Seeking women ages 18–32 to participate in a study on ethics and morality. Generous compensation. Anonymity guaranteed.

When Jessica Farris signs up for a psychology study conducted by the mysterious Dr. Shields, she thinks all she’ll have to do is answer a few questions, collect her money, and leave.

Question #1: Could you tell a lie without feeling guilt?

But as the questions grow more and more intense and invasive and the sessions become outings where Jess is told what to wear and how to act, she begins to feel as though Dr. Shields may know what she’s thinking…and what she’s hiding.

Question #2: Have you ever deeply hurt someone you care about?

As Jess’s paranoia grows, it becomes clear that she can no longer trust what in her life is real, and what is one of Dr. Shields’ manipulative experiments. Caught in a web of deceit and jealousy, Jess quickly learns that some obsessions can be deadly.

Question #3: Should a punishment always fit the crime?

From the authors of the blockbuster bestseller The Wife Between Us comes an electrifying new novel about doubt, passion, and just how much you can trust someone.


My Thoughts: Caught up immediately in the events of An Anonymous Girl, I was intrigued…and then concerned for Jessica’s ultimate fate. A New York makeup artist, Jessica is struggling financially, and is often exhausted from work. She lives in a tiny studio apartment with her dog Leo.

She also feels guilty about her parents’ financial circumstances because of something that happened years before. The money from the study could help.

Our story is told by alternating narrators, with someone who appears anonymous as one of them, but that person clearly seems to be directing Jessica’s life. And soon the director is obsessed with everything Jessica does, and, in fact, seems to know everything she is doing and keeps ahead of her along the way.

As the intensity increases, my concern for Jessica grows exponentially. Who, if anyone, can she trust? What events will lead her to the edge and change her life forever?

I was addicted to finding out, while cheering for Jessica. Would she escape from the clutches of her “director,” or would she fail?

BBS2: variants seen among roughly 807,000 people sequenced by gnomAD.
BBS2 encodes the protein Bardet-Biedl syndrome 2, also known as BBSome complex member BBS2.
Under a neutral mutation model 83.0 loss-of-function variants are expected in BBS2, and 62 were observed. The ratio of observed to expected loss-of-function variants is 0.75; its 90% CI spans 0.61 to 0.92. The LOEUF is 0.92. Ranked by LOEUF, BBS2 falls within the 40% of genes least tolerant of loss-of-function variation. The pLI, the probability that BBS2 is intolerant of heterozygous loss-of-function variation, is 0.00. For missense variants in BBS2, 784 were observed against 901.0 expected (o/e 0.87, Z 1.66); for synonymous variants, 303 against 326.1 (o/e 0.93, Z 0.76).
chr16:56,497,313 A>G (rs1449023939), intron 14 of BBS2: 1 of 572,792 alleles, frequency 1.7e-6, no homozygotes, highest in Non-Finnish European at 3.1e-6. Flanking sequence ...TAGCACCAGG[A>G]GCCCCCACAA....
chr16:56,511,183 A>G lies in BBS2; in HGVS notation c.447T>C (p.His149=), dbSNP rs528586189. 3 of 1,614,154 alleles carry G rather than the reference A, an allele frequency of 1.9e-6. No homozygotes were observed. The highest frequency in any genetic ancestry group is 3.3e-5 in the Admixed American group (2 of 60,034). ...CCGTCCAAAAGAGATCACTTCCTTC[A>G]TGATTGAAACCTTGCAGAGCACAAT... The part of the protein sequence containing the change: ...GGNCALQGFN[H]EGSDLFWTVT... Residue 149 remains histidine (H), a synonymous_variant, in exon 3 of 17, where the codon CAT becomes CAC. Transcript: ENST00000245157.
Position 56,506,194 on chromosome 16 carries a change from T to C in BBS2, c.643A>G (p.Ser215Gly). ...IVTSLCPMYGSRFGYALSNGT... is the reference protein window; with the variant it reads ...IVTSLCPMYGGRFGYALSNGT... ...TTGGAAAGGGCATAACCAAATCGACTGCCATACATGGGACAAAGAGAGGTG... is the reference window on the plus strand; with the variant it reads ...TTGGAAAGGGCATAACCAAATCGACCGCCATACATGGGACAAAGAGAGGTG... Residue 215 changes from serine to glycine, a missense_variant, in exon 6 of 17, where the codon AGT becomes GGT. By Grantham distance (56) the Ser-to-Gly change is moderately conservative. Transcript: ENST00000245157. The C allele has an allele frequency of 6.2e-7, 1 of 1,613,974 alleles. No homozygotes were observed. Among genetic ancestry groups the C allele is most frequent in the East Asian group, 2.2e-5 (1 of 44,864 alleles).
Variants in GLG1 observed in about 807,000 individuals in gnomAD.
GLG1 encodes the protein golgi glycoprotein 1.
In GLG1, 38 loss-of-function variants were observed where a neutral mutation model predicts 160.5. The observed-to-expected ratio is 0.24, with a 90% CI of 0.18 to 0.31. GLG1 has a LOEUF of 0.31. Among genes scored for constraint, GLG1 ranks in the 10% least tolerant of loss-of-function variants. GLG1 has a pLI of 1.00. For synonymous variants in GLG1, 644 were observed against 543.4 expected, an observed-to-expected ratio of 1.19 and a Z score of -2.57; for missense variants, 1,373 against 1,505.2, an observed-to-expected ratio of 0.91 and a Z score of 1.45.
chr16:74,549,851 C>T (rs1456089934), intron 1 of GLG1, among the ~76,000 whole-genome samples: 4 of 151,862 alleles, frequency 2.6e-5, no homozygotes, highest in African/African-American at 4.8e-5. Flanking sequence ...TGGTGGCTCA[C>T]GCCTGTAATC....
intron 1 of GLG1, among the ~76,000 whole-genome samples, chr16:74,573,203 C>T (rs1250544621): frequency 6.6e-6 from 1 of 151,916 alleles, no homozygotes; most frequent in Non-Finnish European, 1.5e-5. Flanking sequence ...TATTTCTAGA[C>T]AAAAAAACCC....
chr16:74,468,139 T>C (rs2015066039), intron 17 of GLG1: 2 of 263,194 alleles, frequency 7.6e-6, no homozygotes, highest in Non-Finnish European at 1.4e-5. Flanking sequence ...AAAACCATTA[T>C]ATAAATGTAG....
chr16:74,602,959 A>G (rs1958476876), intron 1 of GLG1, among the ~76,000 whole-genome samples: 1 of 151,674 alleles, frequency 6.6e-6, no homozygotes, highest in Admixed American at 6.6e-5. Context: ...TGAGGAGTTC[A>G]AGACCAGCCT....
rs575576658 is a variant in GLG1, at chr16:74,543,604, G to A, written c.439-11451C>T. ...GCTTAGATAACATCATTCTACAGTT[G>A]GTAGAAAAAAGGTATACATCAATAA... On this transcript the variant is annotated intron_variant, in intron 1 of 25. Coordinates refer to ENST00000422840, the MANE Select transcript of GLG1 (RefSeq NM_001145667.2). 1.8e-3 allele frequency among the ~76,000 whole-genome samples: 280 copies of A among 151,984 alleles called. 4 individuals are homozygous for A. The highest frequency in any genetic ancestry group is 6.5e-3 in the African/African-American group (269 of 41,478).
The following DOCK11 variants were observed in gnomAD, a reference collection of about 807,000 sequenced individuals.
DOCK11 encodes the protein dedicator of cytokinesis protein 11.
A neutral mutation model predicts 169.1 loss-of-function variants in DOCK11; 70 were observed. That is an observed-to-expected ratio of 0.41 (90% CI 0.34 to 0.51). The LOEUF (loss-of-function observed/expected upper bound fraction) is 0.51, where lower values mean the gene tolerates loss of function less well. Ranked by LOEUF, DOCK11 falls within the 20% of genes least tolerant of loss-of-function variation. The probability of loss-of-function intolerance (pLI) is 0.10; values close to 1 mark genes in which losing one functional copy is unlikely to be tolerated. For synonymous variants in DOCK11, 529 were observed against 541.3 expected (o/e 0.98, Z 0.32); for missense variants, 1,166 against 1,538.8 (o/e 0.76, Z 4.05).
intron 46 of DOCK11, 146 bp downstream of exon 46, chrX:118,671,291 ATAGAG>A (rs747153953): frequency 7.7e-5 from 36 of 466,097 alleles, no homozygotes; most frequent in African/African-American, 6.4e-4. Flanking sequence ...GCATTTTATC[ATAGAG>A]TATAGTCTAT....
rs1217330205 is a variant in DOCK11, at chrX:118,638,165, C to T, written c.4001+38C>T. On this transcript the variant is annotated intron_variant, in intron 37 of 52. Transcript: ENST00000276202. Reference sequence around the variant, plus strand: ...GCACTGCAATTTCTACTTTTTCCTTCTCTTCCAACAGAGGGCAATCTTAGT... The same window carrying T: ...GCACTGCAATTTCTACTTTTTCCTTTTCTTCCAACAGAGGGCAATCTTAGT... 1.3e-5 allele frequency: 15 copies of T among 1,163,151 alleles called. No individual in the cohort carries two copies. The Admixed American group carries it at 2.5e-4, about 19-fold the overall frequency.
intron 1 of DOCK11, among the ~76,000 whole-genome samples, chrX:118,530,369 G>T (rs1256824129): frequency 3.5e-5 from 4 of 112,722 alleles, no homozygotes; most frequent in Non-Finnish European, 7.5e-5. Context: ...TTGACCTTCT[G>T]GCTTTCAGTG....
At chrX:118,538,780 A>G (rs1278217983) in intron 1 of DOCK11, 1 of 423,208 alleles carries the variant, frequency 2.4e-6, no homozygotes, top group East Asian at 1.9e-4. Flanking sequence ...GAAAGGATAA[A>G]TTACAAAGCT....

A beautifully crafted tale with lots of red flags and a cautionary undercurrent, I could not put it down. 5 stars.***My e-ARC came from the publisher via NetGalley.



The 2:00 a.m. call is the first time Lexie Vidler has heard her sister’s voice in years. Annie is a drug addict, a thief, a liar—and in trouble, again. Lexie has always bailed Annie out, given her money, a place to sleep, sent her to every kind of rehab. But this time, she’s not just strung out—she’s pregnant and in premature labor. If she goes to the hospital, she’ll lose custody of her baby—maybe even go to prison. But the alternative is unthinkable.

As the weeks unfold, Lexie finds herself caring for her fragile newborn niece while her carefully ordered life is collapsing around her. She’s in danger of losing her job, and her fiancé only has so much patience for Annie’s drama. In court-ordered rehab, Annie attempts to halt her downward spiral by confronting long-buried secrets from the sisters’ childhoods, ghosts that Lexie doesn’t want to face. But will the journey heal Annie, or lead her down a darker path?

My Thoughts: Before I Let You Go was a familiar story to me, after working with dysfunctional families and addicts for a number of years. Each story has its unique journey to the horrific slide toward “nothing left to lose,” but each one is filled with the frustration of human vulnerability and failure.

The author offers a unique perspective with alternating narratives: Lexie’s voice in the first person, revealing the family history and how her own life has gone off the rails because of her sister’s addiction, followed by Annie’s journal entries. The horror of her stepfather’s abuse reveals much about Annie’s need to sever ties with family and regain control of her life, but whenever she faced challenges, she sought escape through drug abuse, sinking further into the pit.

After the baby’s birth, she faced criminal charges, since the state’s laws demanded this outcome…unless she could complete a rehab program. Lexie stepped in to provide “kinship” care of the baby, who had suffered withdrawal from drugs after the birth. As a doctor, with her fiance Sam who is also a physician, the future looks promising for this temporary family.

Would Annie finally reach sobriety? Would Lexie be able to let go of her own feeling of responsibility for Annie’s outcomes?

A familiar and tragic tale that tugged at my heartstrings, even as I felt Lexie’s frustrations. I wanted to tell Annie that she needed to open up with the whole truth of her past life and what led her down that dark road…but, like Lexie, we had to let go of our own sense of responsibility for the outcomes. Urging Annie on would not be enough. Sadness follows these characters, but I felt hopeful for Lexie and the baby. By the end, I needed tissues to deal with the tearful finality of Annie’s choices. 4.5 stars.






Laurel and Jamie fell in love serendipitously, almost as if the events that brought them together were fated. An accident between her car and his motorcycle, but with no injuries. But they both knew right away that they were destined to be together.